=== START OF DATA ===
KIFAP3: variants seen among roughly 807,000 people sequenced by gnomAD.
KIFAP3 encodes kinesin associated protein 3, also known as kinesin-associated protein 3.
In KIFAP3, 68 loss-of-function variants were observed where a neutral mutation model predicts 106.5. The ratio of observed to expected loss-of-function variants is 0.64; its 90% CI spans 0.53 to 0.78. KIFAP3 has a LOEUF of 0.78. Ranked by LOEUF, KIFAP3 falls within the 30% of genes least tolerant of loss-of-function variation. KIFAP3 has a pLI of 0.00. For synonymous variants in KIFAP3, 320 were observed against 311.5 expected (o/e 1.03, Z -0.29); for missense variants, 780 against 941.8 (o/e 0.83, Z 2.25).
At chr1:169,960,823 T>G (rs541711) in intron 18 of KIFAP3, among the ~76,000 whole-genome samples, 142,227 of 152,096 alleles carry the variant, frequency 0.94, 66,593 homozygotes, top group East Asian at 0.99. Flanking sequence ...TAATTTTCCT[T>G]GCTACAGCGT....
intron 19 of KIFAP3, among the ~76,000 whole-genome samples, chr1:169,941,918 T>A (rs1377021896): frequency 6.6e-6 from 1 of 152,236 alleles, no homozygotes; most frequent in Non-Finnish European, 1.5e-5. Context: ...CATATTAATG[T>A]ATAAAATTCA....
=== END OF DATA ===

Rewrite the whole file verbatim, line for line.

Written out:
KIFAP3: variants seen among roughly 807,000 people sequenced by gnomAD.
KIFAP3 encodes kinesin associated protein 3, also known as kinesin-associated protein 3.
In KIFAP3, 68 loss-of-function variants were observed where a neutral mutation model predicts 106.5. The ratio of observed to expected loss-of-function variants is 0.64; its 90% CI spans 0.53 to 0.78. KIFAP3 has a LOEUF of 0.78. Ranked by LOEUF, KIFAP3 falls within the 30% of genes least tolerant of loss-of-function variation. KIFAP3 has a pLI of 0.00. For synonymous variants in KIFAP3, 320 were observed against 311.5 expected (o/e 1.03, Z -0.29); for missense variants, 780 against 941.8 (o/e 0.83, Z 2.25).
At chr1:169,960,823 T>G (rs541711) in intron 18 of KIFAP3, among the ~76,000 whole-genome samples, 142,227 of 152,096 alleles carry the variant, frequency 0.94, 66,593 homozygotes, top group East Asian at 0.99. Flanking sequence ...TAATTTTCCT[T>G]GCTACAGCGT....
intron 19 of KIFAP3, among the ~76,000 whole-genome samples, chr1:169,941,918 T>A (rs1377021896): frequency 6.6e-6 from 1 of 152,236 alleles, no homozygotes; most frequent in Non-Finnish European, 1.5e-5. Context: ...CATATTAATG[T>A]ATAAAATTCA....